How cancer can affect travel

Many people who have had cancer enjoy travelling without any problems. However, for some people, travelling can be more difficult. For example, cancer and cancer treatments can cause physical effects, including certain side effects and symptoms. 

Some of the effects you may need to consider include:

  • feeling tired (fatigue)
  • having a higher risk of infection
  • being more sensitive to the sun 
  • the long-term effects from treatment
  • the effects of surgery.

These effects may make it more difficult to travel or cause problems when you are away.

Some people with cancer may be advised not to travel by air for particular reasons. 

Your doctor or nurse can advise you on whether this is safe for you.

Having cancer can also increase your risk of a blood clot (sometimes called a deep vein thrombosis or DVT). Travelling, especially flying, also increases the risk of developing a blood clot.

The first thing you should do is talk to your doctor or specialist nurse before you make any plans. They will tell you whether it is safe for you travel.

How cancer and its treatment can affect travel

Many people who have cancer are able to travel without problems. But for other people, cancer or its treatment may make travelling more difficult. How cancer affects your travels will depend on a number of factors. These include the type of cancer you have and how it is being treated.

Here are some of the main effects that you may need to consider:

  • Cancer and its treatments can have physical effects. These could make it more difficult to travel or could cause problems while you are away. 
  • You may need to take medicines and medical equipment with you.
  • Travel insurance is generally more expensive for people who have cancer.

Planning ahead can help you to avoid many problems. It is important to speak to your doctor or specialist nurse before you make any plans. They can tell you whether the cancer or its treatment could make travelling unsafe. They will tell you how you need to prepare if you do travel and what precautions to take.

We have more information about the different types of cancer and cancer treatments. You can also call our cancer support specialists on 0808 808 00 00 if you need more support.

Physical effects and travel

Cancer and cancer treatments can cause physical effects, including certain side effects and symptoms that may affect travel. Knowing more about how to manage these can help make travel as safe and enjoyable as possible.

Feeling very tired (fatigue)

Feeling very tired is a common side effect of cancer treatment. It can sometimes continue for months after treatment is over. It can also be an ongoing symptom if you have cancer. Tiredness doesn’t have to stop you travelling. But you will need to think about the amount of activity you can manage and how to pace yourself. Try not to do too many things and make sure you take plenty of time to rest between activities. You can also arrange to have help at airports and train stations. For example, you could arrange to have a wheelchair so you don’t need to walk as much.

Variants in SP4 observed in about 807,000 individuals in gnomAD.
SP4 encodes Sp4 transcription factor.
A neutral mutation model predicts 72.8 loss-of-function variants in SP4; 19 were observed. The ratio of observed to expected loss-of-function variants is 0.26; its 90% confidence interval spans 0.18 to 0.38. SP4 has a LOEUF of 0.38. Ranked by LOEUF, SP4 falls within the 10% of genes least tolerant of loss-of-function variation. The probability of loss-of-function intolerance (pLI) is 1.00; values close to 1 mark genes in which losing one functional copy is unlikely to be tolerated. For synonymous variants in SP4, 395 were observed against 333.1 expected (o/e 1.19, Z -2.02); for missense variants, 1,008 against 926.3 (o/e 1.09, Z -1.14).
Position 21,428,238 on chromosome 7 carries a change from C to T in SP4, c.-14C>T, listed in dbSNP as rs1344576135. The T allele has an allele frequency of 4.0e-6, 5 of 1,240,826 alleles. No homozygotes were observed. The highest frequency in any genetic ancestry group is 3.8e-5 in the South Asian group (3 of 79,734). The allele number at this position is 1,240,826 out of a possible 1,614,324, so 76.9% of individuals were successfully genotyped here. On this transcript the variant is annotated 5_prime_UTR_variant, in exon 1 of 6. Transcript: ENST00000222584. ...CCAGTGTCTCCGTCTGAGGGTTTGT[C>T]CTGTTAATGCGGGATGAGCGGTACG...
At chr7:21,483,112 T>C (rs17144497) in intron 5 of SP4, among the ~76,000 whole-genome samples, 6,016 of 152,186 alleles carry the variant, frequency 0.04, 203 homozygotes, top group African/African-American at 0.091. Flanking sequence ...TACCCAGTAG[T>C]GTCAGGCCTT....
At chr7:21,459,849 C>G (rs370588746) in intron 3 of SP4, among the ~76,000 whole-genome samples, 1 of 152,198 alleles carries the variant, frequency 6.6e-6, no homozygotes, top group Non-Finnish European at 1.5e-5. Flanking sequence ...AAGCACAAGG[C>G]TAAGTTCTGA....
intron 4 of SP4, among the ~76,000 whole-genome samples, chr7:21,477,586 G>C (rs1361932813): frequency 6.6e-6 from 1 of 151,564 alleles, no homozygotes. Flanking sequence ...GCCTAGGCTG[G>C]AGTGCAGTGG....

Infection risk

Chemotherapy and some targeted therapy drugs increase your risk of infection. If you are thinking about travelling during treatment, talk to your cancer doctor or nurse about your risk of infection. Your risk of getting an infection will be higher at some times than others. Most people are fine a few weeks after treatment is over. However, you should always check with your doctor first.

People who have had intensive treatment, such as a stem cell transplant, are at risk of infection for longer. After the first year, you can usually travel abroad. You will need to talk to your cancer doctor and get advice on vaccinations.

If you are travelling and are still at risk of getting an infection, your doctor may advise you to take antibiotics with you.

Always follow the general advice you have been given to reduce your risk of an infection.

This includes washing your hands regularly, especially before eating. You will also need to be careful about the foods you eat. It is important to be careful about insect bites, as they may become infected. This is especially important if you have lymphoedema. 

Always see a doctor straight away if you think you may have an infection.

Being more sensitive to the sun

Radiotherapy and some cancer drugs can make your skin more sensitive to the sun. Your cancer doctor or nurse can tell you more about this. It is important to look after your skin by using a sun cream with a high sun protection factor (SPF) of at least 30. You should also stay out of sun during the hottest part of the day. This is usually between 11am and 3pm. Try to sit in the shade, even at other times of the day. 

If you have had radiotherapy, it is very important to protect the skin in the treated area.

People who have had a donor stem cell transplant should be very careful about protecting themselves from the sun.

We have tips about taking care in the sun.

I went on holiday in between chemotherapy sessions. My oncologist was happy about this, but made sure I had details of the nearest hospital and knew how to avoid infections.


Long-term effects

Some cancer treatments may cause or increase the risk of long-term physical problems. These include lymphoedema or bladder and bowel changes. Lymphoedema is a swelling caused by a build-up of fluid. It happens when the lymphatic system, which normally drains fluid away, is not working properly. If you have lymphoedema, you may be worried about it becoming worse if you travel. Or you may wonder how you will manage it while you are away. If you are at risk of lymphoedema, you may be concerned about developing it when you travel. There is lots of advice available to help you:

  • manage lymphoedema when you are away
  • reduce your risk of developing lymphoedema.

You should also ask your lymphoedema nurse if you need to take antibiotics with you.